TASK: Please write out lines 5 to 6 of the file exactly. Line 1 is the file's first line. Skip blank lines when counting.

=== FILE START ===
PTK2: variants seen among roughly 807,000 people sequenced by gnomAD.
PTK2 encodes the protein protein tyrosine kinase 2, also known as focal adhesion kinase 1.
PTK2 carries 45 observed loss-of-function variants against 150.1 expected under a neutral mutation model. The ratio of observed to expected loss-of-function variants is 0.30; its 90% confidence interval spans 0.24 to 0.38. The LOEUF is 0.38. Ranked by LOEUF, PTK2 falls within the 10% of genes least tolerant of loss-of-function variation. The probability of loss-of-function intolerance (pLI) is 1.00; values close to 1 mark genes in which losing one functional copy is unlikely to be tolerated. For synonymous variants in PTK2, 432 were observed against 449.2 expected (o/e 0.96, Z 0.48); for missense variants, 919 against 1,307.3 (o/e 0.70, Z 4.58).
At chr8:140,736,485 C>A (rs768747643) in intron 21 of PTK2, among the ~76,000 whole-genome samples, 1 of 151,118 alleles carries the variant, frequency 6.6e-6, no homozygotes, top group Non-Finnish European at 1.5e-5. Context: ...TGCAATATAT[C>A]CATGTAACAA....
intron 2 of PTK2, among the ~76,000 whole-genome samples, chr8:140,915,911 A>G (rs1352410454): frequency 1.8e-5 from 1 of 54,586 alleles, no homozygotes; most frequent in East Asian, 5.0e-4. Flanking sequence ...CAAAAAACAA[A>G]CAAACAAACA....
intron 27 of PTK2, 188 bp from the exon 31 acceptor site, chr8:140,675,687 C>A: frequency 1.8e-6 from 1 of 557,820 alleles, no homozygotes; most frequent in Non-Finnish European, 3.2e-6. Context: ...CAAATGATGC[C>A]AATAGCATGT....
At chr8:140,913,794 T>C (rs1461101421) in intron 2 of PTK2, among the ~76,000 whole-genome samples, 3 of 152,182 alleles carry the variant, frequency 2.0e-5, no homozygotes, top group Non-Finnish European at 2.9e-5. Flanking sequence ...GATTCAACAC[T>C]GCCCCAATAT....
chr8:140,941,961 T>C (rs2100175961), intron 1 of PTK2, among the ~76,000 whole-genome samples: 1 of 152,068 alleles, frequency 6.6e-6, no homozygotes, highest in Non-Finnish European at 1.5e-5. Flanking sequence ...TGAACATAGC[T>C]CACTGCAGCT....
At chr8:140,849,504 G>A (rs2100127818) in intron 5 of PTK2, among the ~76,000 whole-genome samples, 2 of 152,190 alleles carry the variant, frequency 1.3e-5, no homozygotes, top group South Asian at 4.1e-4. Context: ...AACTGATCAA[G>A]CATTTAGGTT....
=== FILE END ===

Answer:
intron 2 of PTK2, among the ~76,000 whole-genome samples, chr8:140,915,911 A>G (rs1352410454): frequency 1.8e-5 from 1 of 54,586 alleles, no homozygotes; most frequent in East Asian, 5.0e-4. Flanking sequence ...CAAAAAACAA[A>G]CAAACAAACA....
intron 27 of PTK2, 188 bp from the exon 31 acceptor site, chr8:140,675,687 C>A: frequency 1.8e-6 from 1 of 557,820 alleles, no homozygotes; most frequent in Non-Finnish European, 3.2e-6. Context: ...CAAATGATGC[C>A]AATAGCATGT....